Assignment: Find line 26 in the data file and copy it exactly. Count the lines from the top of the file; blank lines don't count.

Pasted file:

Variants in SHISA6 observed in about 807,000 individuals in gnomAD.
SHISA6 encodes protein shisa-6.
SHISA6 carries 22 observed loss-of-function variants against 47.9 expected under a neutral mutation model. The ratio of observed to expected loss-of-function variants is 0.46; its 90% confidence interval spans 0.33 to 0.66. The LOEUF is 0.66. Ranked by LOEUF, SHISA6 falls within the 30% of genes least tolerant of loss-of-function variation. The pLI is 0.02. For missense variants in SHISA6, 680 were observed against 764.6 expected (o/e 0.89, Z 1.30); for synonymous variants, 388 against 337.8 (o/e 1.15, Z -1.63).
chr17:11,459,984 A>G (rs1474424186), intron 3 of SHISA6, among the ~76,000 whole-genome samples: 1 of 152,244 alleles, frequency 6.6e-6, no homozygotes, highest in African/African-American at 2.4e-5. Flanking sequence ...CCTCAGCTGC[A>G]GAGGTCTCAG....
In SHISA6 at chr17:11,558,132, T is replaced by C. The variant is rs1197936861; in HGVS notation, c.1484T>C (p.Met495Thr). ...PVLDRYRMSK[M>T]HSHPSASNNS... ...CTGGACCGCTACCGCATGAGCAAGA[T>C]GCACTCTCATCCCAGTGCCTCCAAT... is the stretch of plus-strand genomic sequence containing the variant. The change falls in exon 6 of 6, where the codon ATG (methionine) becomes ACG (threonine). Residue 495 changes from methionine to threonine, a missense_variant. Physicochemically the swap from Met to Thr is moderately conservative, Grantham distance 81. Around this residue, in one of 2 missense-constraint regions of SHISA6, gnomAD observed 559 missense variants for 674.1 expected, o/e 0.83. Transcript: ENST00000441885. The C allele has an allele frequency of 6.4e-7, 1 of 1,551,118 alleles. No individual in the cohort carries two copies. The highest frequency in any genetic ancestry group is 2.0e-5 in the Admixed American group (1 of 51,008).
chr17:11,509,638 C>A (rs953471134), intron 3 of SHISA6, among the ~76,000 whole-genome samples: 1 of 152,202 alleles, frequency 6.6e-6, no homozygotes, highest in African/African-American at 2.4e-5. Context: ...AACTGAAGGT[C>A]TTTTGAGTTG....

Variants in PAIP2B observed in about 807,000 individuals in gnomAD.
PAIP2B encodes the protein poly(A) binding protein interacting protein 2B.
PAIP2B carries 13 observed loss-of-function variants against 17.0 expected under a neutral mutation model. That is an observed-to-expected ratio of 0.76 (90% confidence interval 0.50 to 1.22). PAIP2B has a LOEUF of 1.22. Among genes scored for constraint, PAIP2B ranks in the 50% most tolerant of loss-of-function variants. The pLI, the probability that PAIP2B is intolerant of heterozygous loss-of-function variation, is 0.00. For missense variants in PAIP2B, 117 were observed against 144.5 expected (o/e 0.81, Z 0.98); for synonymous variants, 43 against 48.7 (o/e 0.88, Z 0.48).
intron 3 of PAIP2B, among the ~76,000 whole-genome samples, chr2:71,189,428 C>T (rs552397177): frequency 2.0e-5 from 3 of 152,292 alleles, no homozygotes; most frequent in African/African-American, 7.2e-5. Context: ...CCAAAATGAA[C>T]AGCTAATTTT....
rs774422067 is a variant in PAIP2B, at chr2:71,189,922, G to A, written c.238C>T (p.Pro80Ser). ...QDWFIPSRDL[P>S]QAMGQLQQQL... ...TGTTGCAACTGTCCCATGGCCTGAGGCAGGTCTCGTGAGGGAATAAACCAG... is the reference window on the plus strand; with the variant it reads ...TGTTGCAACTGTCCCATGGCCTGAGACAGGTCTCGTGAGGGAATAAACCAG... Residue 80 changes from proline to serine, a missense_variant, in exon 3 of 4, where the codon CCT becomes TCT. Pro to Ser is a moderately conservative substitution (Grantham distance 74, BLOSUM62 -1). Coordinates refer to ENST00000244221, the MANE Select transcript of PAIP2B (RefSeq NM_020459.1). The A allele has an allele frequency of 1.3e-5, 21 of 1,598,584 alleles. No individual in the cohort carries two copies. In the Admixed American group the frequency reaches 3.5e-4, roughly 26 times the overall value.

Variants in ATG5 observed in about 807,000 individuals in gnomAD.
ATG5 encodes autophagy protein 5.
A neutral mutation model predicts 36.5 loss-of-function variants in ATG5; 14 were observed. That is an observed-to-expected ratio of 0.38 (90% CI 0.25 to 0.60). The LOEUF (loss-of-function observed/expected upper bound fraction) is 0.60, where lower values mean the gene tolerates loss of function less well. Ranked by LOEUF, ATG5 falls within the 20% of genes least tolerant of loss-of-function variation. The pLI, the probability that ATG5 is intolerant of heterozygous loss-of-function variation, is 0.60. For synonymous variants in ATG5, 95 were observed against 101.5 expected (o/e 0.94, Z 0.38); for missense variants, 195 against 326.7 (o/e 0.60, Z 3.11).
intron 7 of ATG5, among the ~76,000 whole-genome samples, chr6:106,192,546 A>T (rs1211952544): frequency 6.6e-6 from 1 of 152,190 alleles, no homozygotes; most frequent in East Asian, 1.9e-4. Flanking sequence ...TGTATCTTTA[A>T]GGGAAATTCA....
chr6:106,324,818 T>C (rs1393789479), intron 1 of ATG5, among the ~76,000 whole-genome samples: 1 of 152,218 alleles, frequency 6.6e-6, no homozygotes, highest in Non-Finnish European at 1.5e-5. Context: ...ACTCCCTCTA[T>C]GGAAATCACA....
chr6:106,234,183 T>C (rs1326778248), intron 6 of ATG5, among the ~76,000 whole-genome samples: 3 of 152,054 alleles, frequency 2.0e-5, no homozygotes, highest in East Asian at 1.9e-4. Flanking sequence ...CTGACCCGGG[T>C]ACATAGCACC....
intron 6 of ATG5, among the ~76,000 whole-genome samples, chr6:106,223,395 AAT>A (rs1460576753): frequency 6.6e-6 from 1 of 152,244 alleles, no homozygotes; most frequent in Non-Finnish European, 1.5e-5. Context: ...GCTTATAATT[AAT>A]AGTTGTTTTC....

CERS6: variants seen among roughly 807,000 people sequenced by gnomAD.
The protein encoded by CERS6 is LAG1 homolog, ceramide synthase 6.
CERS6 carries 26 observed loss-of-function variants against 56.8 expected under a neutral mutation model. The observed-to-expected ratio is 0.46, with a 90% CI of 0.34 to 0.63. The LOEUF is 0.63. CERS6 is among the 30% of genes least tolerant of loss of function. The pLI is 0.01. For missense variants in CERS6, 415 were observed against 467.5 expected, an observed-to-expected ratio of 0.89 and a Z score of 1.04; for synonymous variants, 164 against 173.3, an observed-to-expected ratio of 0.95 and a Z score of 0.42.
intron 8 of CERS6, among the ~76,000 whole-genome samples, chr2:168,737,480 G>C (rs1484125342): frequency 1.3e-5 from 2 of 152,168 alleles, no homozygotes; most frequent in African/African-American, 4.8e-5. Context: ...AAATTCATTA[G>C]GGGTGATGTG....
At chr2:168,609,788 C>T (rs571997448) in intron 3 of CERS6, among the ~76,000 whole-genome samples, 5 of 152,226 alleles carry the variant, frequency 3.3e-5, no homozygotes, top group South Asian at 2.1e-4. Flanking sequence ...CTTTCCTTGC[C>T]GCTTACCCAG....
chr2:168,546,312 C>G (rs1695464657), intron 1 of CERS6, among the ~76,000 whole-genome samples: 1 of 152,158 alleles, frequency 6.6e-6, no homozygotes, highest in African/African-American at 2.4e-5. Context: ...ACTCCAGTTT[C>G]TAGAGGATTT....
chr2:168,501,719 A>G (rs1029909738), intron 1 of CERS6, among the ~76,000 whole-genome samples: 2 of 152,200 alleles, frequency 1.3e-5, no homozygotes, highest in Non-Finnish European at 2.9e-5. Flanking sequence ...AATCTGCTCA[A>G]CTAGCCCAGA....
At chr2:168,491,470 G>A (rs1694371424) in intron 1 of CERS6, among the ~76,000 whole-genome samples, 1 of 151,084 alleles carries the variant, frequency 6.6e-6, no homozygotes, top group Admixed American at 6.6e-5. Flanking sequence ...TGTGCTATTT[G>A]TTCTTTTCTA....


At chr2:168,491,470 G>A (rs1694371424) in intron 1 of CERS6, among the ~76,000 whole-genome samples, 1 of 151,084 alleles carries the variant, frequency 6.6e-6, no homozygotes, top group Admixed American at 6.6e-5. Flanking sequence ...TGTGCTATTT[G>A]TTCTTTTCTA....